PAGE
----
(Host) For those old enough to have watched on television, the 2001 attacks on the World Trade Center and Pentagon are so vivid and personal, it’s hard to imagine they could ever be forgotten.
But today’s high school sophomores were in kindergarten when those attacks took place. And for many younger students, "9/11" is no more personal than Pearl Harbor or the Korean War.
As part of our series on how 9/11 has affected us, VPR’s Susan Keese reports on the evolving challenge of teaching about the 2001 terrorist attacks.
(Keese) Sandra Cortes was teaching kindergarten when the terrorists struck. She reflected on it recently at the farmer’s market in Brattleboro.
Cortes didn’t own a television.
(Cortes) "So I hadn’t seen any of the horrifying images of that day. But the next day, September 12, the children went to the block area immediately. And they just built towers and knocked them down… they built them and they knocked them down."
(Keese) To Cortes the toppling towers meant a loss of innocence and a world forever changed.
(Keese) Ten years later, some of the kindergartners Cortes watched that day could be here – at a girl’s hockey practice at Brattleboro Union High School.
Ashley Maguire is a Freshman now.
(Maguire) "I didn’t really understand at the time but I remember everyone like crying… and I was really confused… It made me very frightened because I ride back and forth in planes all the time every year to see my dad in Charleston… it’s really scary…"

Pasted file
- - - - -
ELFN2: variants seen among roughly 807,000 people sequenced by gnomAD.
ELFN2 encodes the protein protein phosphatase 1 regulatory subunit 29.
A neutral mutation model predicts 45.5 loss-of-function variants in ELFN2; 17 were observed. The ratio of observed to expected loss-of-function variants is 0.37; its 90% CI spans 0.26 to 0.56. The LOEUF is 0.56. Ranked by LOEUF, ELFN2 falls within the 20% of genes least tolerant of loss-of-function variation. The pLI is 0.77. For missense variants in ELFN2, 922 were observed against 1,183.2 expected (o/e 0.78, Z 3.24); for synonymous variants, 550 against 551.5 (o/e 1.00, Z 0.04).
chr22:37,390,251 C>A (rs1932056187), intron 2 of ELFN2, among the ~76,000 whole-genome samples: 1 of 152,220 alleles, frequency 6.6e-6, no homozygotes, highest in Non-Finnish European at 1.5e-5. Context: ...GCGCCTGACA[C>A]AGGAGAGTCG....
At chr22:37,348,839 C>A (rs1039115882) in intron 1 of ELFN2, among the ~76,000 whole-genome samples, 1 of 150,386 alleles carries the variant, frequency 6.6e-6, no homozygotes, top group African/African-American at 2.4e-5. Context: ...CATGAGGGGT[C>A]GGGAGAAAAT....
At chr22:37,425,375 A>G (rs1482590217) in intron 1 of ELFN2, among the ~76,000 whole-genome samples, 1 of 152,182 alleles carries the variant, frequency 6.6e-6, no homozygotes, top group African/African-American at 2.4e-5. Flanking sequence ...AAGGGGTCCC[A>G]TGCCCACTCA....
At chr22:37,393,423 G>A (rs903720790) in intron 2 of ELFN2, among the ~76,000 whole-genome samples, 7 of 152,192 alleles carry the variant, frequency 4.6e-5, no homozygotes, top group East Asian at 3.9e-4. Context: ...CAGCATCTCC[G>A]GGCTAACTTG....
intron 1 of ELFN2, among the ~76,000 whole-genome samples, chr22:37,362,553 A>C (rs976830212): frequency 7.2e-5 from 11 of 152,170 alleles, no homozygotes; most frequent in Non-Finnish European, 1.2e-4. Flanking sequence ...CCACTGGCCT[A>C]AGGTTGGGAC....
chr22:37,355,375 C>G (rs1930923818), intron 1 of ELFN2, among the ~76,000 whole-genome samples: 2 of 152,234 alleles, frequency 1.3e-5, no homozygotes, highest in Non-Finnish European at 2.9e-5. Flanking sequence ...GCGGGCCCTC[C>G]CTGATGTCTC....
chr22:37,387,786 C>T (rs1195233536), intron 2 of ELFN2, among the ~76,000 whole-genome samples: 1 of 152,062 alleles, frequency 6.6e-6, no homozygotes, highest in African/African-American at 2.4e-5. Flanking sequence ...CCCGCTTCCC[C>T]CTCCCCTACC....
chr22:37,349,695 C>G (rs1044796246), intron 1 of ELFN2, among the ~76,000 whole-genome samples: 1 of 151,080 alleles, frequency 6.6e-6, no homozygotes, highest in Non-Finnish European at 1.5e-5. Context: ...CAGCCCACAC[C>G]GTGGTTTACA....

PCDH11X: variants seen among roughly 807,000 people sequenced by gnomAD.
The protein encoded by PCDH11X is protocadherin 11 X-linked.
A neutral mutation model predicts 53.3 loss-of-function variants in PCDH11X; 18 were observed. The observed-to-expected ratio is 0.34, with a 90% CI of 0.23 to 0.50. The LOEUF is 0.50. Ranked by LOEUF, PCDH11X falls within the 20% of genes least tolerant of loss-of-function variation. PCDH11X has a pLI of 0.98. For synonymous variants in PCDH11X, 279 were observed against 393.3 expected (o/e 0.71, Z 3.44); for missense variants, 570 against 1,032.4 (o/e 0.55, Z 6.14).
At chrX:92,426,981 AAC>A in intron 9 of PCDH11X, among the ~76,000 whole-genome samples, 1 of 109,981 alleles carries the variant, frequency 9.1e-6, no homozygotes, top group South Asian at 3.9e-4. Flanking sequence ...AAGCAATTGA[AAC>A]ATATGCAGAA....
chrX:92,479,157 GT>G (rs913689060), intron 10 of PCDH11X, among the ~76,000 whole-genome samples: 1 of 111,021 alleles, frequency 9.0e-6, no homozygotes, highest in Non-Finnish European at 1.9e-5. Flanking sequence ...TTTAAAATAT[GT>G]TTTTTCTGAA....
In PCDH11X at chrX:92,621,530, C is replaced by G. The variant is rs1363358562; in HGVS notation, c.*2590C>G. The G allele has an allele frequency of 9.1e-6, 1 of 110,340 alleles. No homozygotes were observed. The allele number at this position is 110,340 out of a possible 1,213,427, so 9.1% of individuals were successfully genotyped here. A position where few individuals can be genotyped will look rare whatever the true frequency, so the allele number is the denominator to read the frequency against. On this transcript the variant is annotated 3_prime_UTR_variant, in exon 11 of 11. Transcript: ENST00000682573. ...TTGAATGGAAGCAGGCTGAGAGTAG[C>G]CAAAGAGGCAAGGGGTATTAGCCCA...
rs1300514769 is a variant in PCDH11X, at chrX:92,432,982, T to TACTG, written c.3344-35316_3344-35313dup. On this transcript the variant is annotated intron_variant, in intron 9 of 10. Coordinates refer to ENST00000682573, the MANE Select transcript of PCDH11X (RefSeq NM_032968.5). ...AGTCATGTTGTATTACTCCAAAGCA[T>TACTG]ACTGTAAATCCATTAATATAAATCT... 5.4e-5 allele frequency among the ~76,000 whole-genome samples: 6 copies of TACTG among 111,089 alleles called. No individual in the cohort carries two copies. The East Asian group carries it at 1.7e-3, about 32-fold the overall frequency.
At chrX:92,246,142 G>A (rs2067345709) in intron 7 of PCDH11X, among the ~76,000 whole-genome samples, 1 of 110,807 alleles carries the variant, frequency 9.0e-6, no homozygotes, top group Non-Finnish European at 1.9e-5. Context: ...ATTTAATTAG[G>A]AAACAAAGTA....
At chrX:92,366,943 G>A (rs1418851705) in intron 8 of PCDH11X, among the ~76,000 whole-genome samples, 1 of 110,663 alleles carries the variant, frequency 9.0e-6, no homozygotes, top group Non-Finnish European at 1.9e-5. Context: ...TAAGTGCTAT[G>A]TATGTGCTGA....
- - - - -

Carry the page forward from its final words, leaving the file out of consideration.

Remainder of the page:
(Keese) Senior Sammie Jarvis, who was seven, says she thinks about it a lot.
(Jarvis) "It’s not an everyday worry for me, but, you know – nothing’s really safe in this world today. I mean, it could happen again."
(Keese) Mike DiMaio teaches Social Studies at Mount Anthony Union. He went to high school in the nineties when, he says, the world seemed safer than it does now – even to kids who were very young when the attacks occurred.
(DiMaio) "They don’t have much memory of what happened, but this is still something that has been hanging over their heads for the past ten years. I have to say I think they do feel more unsafe. The only thing is, I don’t know if they know it…"
(Keese) This past summer, DiMaio and a colleague put together a summer school course on 9/11.
(DiMaio) "And not just September 11 but the world that’s come out of it. The two wars, some of the challenges here at home with civil liberties and security. We realized in a 3 week program it gave us a lot of issues to tackle."
(Keese) They started by asking students to write down what they already knew about the 2001 attacks.
(DiMaio) "Some students didn’t know that there were four attacks… Some didn’t know about the Pentagon. Some didn’t know the difference between the two wars that we’re involved in…"
(Keese) The class developed a timeline. They looked at events before that day: the Soviet Wars in Afghanistan, Al-Qaeda’s 1993 attempt at bombing the World Trade Center, the suicide bombing of a US Navy vessel in Yemen in 2000.
(DiMaio) "I think they sort of feel like Osama bin Laden and Al-Qaeda came out of the wilderness on September 11… probably from some part of their nightmare… and tore the twin towers down. But in reality this was something that had roots that went back decades."
(Keese) DiMaio’s students studied religious fundamentalism in its different guises. They read case studies of the 9/11 hijackers and of terrorists from a variety of cultures and backgrounds – to broaden their definition of who might turn to terrorism and why.